The questions you should be asking at interview
A job interview is not just about you - the candidate - being grilled to find out your suitability for a particular role, it is also your chance to ask questions of your own. Indeed it is a vital part of the selection process, so it is important to be properly prepared. It is no good sitting there with a blank look on your face when it's your turn to do the asking. You need to show your curiosity and interest - try and combine questions about the job and the company.
There are two main reasons why you should be asking well thought out questions. Firstly, when done well, it confirms to your future employer that you are, without doubt, qualified to do the job. Secondly, you are interviewing your employer, just as much as they are you - so it is your chance to dig deeper into the culture of the organisation and their way of working. In short, you want to be as certain of them as they are of you.
There are any number of questions you could ask at an interview, but you want to keep it focused to a couple of topics. It is best not to bring up holidays, benefits or bonuses at this stage. A lot of employers will tell you about them as you progress through the process. Here at Direct Recruitment, we recommend you prepare between three and five questions to ask. Having a couple of extra ones up your sleeve is a good idea, since we find that some of the questions are frequently answered during the course of the interview.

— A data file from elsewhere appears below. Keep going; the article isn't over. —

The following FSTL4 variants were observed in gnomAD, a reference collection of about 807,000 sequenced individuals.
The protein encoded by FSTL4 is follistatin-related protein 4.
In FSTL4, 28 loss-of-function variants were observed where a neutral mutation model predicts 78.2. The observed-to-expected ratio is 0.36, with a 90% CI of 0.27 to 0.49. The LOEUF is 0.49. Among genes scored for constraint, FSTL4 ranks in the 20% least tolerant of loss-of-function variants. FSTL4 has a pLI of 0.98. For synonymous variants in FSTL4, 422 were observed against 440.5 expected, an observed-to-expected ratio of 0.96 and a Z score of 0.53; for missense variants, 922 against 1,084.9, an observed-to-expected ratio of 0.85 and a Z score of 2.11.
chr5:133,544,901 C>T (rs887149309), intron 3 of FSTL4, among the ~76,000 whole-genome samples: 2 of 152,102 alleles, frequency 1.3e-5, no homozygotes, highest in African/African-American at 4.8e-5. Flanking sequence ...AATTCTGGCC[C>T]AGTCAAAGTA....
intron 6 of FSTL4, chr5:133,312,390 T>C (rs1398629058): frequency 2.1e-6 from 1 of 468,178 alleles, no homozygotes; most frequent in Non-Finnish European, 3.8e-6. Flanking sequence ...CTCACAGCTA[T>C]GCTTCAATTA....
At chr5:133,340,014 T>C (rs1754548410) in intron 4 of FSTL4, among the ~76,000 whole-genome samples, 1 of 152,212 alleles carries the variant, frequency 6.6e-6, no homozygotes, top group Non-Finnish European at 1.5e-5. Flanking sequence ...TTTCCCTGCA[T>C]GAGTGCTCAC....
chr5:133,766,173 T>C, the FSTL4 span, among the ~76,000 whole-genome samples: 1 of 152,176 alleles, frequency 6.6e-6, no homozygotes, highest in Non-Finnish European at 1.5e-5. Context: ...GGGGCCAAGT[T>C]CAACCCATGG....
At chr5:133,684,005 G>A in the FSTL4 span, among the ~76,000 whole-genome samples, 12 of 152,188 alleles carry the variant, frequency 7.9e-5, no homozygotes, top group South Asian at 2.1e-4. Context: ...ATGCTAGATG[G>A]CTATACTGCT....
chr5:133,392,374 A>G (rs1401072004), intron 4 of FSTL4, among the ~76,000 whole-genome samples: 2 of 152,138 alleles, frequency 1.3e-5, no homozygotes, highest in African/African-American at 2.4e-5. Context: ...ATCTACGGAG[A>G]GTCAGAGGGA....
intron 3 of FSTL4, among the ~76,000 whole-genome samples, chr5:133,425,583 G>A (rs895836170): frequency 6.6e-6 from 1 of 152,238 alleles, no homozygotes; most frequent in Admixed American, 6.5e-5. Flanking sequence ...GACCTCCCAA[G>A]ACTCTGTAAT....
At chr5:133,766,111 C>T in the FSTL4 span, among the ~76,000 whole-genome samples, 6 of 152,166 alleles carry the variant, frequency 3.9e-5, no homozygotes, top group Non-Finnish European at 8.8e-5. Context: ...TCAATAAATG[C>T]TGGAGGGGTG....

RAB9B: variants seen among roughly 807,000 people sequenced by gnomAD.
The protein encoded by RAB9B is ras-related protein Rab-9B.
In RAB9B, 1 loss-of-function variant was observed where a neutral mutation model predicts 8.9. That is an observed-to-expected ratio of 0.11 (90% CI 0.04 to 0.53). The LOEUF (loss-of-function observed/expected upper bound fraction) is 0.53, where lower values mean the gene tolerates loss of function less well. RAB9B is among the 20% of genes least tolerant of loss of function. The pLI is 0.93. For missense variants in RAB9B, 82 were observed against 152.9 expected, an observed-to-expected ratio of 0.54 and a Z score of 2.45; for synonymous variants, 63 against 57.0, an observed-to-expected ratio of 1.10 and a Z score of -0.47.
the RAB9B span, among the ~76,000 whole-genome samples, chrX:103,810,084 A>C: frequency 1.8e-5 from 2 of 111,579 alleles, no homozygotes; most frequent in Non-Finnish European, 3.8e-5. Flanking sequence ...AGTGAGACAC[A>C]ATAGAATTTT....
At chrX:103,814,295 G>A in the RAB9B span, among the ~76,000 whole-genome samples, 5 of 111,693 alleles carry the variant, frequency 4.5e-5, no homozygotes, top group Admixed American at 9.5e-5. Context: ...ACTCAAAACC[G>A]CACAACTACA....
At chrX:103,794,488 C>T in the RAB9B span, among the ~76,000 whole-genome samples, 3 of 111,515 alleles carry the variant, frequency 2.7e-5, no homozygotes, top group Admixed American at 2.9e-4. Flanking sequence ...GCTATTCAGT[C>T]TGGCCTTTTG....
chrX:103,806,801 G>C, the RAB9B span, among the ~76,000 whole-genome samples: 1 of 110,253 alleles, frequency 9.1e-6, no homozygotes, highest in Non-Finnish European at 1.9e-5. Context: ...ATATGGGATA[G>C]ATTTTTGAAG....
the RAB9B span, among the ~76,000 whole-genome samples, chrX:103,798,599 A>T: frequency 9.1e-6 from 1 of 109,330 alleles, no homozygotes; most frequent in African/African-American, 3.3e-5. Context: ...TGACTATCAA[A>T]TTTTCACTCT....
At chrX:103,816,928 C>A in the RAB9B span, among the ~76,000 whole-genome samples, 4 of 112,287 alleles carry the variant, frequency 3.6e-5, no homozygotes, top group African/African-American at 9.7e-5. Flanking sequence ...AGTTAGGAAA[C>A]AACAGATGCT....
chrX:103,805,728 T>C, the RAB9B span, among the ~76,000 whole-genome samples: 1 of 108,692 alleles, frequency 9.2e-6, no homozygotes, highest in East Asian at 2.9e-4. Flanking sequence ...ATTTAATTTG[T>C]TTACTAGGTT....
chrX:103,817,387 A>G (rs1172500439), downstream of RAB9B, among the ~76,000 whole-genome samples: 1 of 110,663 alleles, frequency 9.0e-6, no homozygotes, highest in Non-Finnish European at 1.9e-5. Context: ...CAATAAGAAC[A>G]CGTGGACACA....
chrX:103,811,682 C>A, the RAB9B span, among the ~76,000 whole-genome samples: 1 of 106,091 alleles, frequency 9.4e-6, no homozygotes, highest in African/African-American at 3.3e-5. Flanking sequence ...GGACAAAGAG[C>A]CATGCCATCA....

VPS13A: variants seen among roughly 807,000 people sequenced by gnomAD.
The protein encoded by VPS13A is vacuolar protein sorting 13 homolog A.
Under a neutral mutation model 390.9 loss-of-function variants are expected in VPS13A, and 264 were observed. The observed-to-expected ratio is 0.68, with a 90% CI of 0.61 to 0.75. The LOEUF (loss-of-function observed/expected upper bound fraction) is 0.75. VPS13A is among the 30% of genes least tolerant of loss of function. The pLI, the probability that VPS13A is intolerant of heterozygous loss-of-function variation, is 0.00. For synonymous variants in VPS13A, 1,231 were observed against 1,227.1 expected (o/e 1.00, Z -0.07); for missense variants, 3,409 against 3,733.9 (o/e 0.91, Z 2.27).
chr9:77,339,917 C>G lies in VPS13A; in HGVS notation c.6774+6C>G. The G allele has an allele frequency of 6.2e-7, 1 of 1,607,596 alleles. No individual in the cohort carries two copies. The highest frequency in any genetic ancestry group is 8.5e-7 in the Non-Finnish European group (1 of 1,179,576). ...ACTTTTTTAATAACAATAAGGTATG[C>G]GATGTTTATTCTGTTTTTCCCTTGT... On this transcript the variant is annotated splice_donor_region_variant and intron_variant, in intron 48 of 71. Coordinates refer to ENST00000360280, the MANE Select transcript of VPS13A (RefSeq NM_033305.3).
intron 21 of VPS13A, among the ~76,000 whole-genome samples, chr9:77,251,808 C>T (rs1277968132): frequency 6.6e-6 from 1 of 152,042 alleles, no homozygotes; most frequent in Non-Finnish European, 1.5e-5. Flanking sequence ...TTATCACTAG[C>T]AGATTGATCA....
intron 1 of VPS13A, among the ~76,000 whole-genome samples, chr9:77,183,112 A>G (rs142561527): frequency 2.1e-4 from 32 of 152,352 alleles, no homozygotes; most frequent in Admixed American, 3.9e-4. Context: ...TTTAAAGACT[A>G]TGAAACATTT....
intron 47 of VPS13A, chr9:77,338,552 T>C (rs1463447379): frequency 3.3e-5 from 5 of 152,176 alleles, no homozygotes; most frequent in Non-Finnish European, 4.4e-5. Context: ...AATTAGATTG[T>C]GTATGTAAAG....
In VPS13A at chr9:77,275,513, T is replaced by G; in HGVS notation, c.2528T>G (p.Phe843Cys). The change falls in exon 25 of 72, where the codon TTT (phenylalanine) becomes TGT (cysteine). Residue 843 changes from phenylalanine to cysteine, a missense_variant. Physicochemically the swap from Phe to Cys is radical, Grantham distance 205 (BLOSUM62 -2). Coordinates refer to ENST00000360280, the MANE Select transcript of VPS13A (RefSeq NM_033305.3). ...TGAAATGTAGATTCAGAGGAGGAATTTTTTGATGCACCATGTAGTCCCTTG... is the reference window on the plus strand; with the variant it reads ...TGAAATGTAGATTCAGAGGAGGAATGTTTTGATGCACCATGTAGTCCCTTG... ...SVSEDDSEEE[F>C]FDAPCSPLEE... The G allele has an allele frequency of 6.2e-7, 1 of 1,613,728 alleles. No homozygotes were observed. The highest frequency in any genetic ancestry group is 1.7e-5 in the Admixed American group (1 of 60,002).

Here are a few we think you might want to consider:
What sort of skills and experience makes an ideal candidate in your opinion? This is a great open-ended question that will see the interviewer lay their cards on the table. They have to tell you exactly what they are looking for, so it is your chance to highlight your skills set if they mention anything that has not already been covered.
You could also ask 'what is the biggest challenge your staff has to face and how do you think I might contribute to solving it?' This is a great question to ask. It will make your potential employer think about you working at the company and you are showing your collaborative approach to working by seeing yourself as being part of the answer.
Asking how they determine KPI's and what constitutes success in the role you are applying for is a good to know. Even at this early stage, it is essential to get a handle on their expectations of you and the role. Your interviewer should be able to clearly set out goals and how they will be measured. If they can't, then alarm bells should be ringing loudly in your ears.
Quiz your potential employer about the team you will be working with, ask them about staff turnover and why the person who previously fulfilled your role left. If the culture is good, then turnover should be low. An honest answer about why the vacancy has arisen - be it good or bad - will help you gauge whether this company is for you.
Make sure you ask about continuous professional development. A company who invests in its talent with regular training is more likely to retain its talent than one who puts no emphasis on it. Furthermore, it lets the interviewer know that you are ambitious and want to learn and develop.
Just before you leave, do ask about the next steps in the recruitment process. Ideally, get some sort of timeframe to expect feedback in and ask when the next round is scheduled. Once you are out, do call us for a debrief. We will speak to the client ourselves, but it is good to get in first with your perspective on how the interview went.